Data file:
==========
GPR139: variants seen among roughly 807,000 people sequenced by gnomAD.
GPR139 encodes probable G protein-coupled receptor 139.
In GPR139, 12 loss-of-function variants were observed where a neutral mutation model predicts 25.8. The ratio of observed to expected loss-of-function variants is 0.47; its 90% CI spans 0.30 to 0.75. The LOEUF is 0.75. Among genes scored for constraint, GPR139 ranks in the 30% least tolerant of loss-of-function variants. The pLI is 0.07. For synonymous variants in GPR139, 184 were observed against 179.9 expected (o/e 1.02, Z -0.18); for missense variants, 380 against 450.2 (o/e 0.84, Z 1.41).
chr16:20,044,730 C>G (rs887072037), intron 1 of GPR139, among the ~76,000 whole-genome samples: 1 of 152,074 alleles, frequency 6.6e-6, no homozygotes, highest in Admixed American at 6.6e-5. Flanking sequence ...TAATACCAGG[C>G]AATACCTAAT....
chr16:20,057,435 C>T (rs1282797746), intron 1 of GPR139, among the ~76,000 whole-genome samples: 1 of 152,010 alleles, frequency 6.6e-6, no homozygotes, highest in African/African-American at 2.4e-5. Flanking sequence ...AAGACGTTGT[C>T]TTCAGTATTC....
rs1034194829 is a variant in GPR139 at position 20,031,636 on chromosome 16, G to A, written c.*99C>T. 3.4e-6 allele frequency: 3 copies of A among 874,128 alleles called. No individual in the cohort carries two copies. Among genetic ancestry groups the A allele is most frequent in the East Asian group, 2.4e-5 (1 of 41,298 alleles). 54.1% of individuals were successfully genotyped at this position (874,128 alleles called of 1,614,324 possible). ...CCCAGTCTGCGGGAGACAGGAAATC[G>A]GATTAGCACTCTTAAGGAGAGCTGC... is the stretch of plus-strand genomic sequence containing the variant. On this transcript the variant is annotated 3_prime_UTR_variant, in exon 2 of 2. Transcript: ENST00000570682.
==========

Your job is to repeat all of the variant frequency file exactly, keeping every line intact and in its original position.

GPR139: variants seen among roughly 807,000 people sequenced by gnomAD.
GPR139 encodes probable G protein-coupled receptor 139.
In GPR139, 12 loss-of-function variants were observed where a neutral mutation model predicts 25.8. The ratio of observed to expected loss-of-function variants is 0.47; its 90% CI spans 0.30 to 0.75. The LOEUF is 0.75. Among genes scored for constraint, GPR139 ranks in the 30% least tolerant of loss-of-function variants. The pLI is 0.07. For synonymous variants in GPR139, 184 were observed against 179.9 expected (o/e 1.02, Z -0.18); for missense variants, 380 against 450.2 (o/e 0.84, Z 1.41).
chr16:20,044,730 C>G (rs887072037), intron 1 of GPR139, among the ~76,000 whole-genome samples: 1 of 152,074 alleles, frequency 6.6e-6, no homozygotes, highest in Admixed American at 6.6e-5. Flanking sequence ...TAATACCAGG[C>G]AATACCTAAT....
chr16:20,057,435 C>T (rs1282797746), intron 1 of GPR139, among the ~76,000 whole-genome samples: 1 of 152,010 alleles, frequency 6.6e-6, no homozygotes, highest in African/African-American at 2.4e-5. Flanking sequence ...AAGACGTTGT[C>T]TTCAGTATTC....
rs1034194829 is a variant in GPR139 at position 20,031,636 on chromosome 16, G to A, written c.*99C>T. 3.4e-6 allele frequency: 3 copies of A among 874,128 alleles called. No individual in the cohort carries two copies. Among genetic ancestry groups the A allele is most frequent in the East Asian group, 2.4e-5 (1 of 41,298 alleles). 54.1% of individuals were successfully genotyped at this position (874,128 alleles called of 1,614,324 possible). ...CCCAGTCTGCGGGAGACAGGAAATC[G>A]GATTAGCACTCTTAAGGAGAGCTGC... is the stretch of plus-strand genomic sequence containing the variant. On this transcript the variant is annotated 3_prime_UTR_variant, in exon 2 of 2. Transcript: ENST00000570682.